Since 1985, when it joined refrigerators and jet engines as assets of General Electric, NBC has faced questions of a spinoff or sale. The notion has been raised more frequently since 2003, when NBC Universal was formed, given that rivals like Viacom and Time Warner have shed significant parts.
The latest call for a breakup comes from Citigroup analyst Jeffrey Sprague. In a report released Friday, he pointed out that the company’s stock “has basically gone sideways for five years despite solid underlying execution. … We believe GE’s size and complexity is working against investor interest in the stock and has contributed to further valuation erosion.”
Once freed of the diversified mega-conglom’s shackles, NBC U could be better able to explore a deal with another media conglom, Sprague argued.
Some other analysts have suggested that Google could acquire NBC U, which accounted for about 10% of GE’s $163 billion in 2006 revenue, but the companies won’t address the speculation.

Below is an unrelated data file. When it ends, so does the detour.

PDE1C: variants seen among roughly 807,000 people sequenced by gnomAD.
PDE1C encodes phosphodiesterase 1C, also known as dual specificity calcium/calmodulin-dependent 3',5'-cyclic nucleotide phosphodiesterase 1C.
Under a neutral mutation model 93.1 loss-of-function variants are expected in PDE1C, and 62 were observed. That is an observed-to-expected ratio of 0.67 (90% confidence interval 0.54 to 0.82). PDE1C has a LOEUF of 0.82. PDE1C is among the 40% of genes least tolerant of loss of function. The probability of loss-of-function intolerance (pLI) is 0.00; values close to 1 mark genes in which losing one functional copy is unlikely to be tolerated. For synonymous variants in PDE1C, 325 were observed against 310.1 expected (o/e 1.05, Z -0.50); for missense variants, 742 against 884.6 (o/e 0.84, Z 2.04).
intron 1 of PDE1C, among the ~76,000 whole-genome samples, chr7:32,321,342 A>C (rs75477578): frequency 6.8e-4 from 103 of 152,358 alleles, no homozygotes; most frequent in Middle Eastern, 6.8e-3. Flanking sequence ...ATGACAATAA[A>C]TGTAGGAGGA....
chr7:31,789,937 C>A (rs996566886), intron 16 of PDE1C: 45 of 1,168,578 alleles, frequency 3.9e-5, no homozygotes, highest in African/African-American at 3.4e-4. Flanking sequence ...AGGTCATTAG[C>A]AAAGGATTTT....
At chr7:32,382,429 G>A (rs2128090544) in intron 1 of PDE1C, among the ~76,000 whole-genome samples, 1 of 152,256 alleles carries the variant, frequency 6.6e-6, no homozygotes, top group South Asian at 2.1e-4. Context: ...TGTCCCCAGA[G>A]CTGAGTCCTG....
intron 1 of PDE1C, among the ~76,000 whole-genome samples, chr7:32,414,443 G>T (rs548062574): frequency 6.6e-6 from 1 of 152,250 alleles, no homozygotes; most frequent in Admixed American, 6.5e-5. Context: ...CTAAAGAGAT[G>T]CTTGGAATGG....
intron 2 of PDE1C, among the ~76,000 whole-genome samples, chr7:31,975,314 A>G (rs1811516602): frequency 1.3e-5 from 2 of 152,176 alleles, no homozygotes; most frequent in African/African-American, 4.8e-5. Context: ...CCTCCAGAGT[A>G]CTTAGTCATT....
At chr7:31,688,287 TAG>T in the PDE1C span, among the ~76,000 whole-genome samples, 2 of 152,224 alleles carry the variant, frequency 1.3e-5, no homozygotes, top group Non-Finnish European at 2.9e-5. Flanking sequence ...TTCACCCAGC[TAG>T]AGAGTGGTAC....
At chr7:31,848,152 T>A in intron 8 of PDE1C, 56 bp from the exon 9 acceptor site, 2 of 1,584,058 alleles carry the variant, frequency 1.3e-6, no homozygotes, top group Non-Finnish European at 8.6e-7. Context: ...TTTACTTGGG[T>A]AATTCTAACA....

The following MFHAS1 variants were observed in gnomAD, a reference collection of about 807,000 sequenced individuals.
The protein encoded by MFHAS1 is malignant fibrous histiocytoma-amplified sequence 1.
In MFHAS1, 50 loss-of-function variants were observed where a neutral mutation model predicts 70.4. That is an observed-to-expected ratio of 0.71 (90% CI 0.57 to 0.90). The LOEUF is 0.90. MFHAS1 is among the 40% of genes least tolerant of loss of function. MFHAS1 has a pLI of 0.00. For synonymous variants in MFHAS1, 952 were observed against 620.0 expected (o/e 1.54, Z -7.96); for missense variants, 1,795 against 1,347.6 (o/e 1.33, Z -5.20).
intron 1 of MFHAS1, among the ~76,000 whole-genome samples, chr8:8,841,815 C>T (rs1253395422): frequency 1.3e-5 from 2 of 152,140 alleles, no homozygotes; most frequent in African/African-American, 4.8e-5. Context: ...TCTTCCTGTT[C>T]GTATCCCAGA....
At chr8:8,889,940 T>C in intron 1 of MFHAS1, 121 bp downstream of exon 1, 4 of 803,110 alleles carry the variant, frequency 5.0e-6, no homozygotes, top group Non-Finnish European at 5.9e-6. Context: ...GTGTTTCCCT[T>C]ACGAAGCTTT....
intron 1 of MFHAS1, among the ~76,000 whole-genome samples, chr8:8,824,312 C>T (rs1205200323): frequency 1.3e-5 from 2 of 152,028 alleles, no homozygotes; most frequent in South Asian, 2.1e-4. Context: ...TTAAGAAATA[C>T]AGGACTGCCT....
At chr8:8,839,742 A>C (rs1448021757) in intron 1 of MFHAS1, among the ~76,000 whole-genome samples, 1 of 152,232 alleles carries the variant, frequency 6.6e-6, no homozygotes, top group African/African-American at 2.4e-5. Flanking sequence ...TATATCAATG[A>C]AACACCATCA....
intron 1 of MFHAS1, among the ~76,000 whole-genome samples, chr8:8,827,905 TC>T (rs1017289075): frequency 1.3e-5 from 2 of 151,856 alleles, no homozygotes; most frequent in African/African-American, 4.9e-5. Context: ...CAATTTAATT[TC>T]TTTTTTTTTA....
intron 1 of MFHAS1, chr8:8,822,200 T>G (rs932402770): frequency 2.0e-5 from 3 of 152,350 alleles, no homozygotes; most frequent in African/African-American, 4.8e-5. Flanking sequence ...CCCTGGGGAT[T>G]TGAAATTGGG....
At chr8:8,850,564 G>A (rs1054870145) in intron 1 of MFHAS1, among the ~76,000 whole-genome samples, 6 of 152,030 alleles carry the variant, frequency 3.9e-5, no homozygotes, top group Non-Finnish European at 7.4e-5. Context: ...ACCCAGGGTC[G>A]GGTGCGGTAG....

On the news Friday, shares rose 3% but closed flat Monday at $36.86.
Wall Streeters continue to mull the proper strategy for GE, the world’s second-largest company by market capitalization behind Exxon Mobil. It’s a puzzle straight out of Econ 101: Does a diversified portfolio minimize risk or impede growth?
Those focused on the entertainment biz, meanwhile, remain a bit bemused by the pairing of a largely industrial company with storied film and TV operations. For Universal, it’s the fourth industrial parent in the past decade. At least NBC’s former owner, RCA, made TV sets.
NBC topper Jeff Zucker and Alec Baldwin, star of NBC’s “30 Rock,” acknowledged the irrefutable oddness of the pairing in a joint interview in Fortune accompanying a more straightforward take on Zucker’s challenges at the helm.
“Have you ever considered adding a seventh Sigma to Six Sigma?” asked Baldwin, adopting his “30 Rock” alter ego, Jack Donaghy. “As a GE man, what is your favorite appliance? Think. What can Jeff Zucker not do without when he’s making breakfast for his four children every morning?”
Answered Zucker, gamely, “My Trivection oven.”